"I'm going. But I don't know all the plans yet."
One of my daughters, Katy, was giving me the rundown for her road trip Saturday to Manhattan.
Like many of us, she knows the hottest game in the state this weekend will be the annual football battle between Kansas and Kansas State.
Although the game is televised, thousands of fans also will be making the trip to play in that other growing sporting event - tailgating.
And they'll be taking their favorite tech gear with them, ranging from portable grills to satellite TVs. Some even will be dreaming of Jetsons-style party robots.
Everybody knows, whether you're a meat lover or a vegetarian, it all starts with the grill.
It has to be easy to carry. It has to be big enough to feed your party. And it shouldn't be a chore to clean.
I'm still a big fan of the Coleman's RoadTrip grill.
The grill has an attached lid, two 10,000-BTU burners, and two interchangeable flat or grate surfaces that give you lots of cooking options and clean up easily in the dishwasher.
It comes with a fold-up table that takes about a minute to set up. And there's no charcoal to worry about - it runs off a 16.4-ounce bottle of propane.
There's only one bad thing about it. Mine seems to draw a crowd whenever I tailgate with my daughter Katy's friends, including Kristen Tedrow, Robyn Shelley, Sam Carmean, Casey Wallace and Rex and Jan Tedrow.
Whenever we grill in the neighborhood just north of Kansas University's Memorial Stadium, there are always a few new faces coming by to check it out. Some seem almost a little too curious.
Fortunately, Derek Wallace, Joel Dankenbring and Lance Hoover usually can be bribed with a brat or two to discourage any thoughts of larceny.
I'm not the only one who swears by the RoadTrip grill.
Kevin Lashley, a 1991 K-State graduate who lives in Lawrence, is taking his along Saturday to the KU v. K-State game.
Audio clips: David Gustafson, professor of computing and information science at Kansas State University.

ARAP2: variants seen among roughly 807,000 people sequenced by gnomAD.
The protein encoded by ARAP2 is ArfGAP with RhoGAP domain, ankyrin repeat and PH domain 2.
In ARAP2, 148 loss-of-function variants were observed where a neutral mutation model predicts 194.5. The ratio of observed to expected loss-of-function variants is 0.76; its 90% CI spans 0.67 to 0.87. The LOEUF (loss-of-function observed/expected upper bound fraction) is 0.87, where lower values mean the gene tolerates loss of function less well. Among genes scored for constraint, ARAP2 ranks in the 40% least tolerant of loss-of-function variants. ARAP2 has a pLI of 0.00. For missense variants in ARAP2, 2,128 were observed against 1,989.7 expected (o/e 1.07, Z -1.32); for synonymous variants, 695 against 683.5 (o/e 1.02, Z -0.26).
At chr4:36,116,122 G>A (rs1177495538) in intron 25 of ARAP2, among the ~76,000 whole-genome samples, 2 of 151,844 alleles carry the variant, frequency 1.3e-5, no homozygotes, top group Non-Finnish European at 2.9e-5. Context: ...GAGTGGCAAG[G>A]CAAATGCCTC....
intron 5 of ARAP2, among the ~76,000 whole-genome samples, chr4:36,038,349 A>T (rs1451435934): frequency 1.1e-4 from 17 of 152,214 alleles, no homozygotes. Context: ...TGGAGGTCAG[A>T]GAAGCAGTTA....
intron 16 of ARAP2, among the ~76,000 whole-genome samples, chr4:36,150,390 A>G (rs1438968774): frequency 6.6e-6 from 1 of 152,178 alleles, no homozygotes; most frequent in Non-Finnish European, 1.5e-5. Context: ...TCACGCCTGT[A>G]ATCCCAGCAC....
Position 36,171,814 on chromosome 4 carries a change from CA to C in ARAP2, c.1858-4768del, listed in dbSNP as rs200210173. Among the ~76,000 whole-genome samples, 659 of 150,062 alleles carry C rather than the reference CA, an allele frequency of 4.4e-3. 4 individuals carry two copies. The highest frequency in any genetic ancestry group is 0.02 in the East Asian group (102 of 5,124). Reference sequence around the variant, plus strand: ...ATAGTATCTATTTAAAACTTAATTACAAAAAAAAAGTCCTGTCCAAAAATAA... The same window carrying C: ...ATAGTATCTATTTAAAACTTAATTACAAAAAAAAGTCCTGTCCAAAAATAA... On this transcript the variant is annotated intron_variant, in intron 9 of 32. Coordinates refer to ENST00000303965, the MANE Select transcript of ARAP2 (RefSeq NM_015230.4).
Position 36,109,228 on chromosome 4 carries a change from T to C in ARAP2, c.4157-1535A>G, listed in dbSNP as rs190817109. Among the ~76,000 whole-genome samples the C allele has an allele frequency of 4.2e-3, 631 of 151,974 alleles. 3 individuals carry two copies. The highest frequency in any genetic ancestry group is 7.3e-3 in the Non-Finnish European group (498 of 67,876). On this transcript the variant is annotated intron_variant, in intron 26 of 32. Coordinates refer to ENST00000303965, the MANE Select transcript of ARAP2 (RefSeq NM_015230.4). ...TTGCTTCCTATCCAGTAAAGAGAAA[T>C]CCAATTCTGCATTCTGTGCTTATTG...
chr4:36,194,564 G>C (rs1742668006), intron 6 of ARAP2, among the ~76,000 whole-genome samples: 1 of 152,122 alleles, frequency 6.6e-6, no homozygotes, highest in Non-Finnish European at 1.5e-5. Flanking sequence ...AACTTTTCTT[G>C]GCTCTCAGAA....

- About robots that serve foot
- Usiing a mobile robot outdoors
- On the potential of using robots for tailgating
"It's awesome," said Lashley, a Catbacker who travels to many K-State games each year. "It's just so practical because it folds up and is so small and you just pop it out with your steaks, brats and burgers. To me, it's a lot better than getting out all the charcoal, bringing the charcoal lighter and then having to worry about extinguishing the coals."
Coleman has come up with a new RoadTrip model that looks like it's even easier to set up and carry.
The RoadTrip Grill XLE model ($188) comes with an X-style chassis that folds up and down, scissors style, and locks in place.
It also has a new grease management system that makes it easier to get rid of the drippings.
Back to wood
Speaking of cleanup, one of the reasons many people forego charcoal grills for propane is because of the mess.
But Woodflame, a company out of Canada, has come up with a portable grill that brings back the taste of smoke without the cleanup mess of the leftover coals.
Woodflame's Delecto Portable Wood Barbecue (about $250) grills with small blocks of wood blazing at 1,000 degrees in under two minutes, leaving nothing but a small amount of ash in the combustion chamber.
The key to the grill is a nine-speed electronic forced-air system powered with D-cell batteries or with an electrical adapter that allows for extensive heat control.
Start your blenders
Besides the grill, a host of other tools and innovations are available.
One of my prized possessions is a low-tech gift from Justin and Jessica Clossen from a tailgate last year - a Jayhawk branding iron. It works great on chicken.
During KU's last home game, I met Greg Barr and Jessi Corkill, who had a handy Coleman picnic table that folded up into a case and a cool Weber Q portable grill.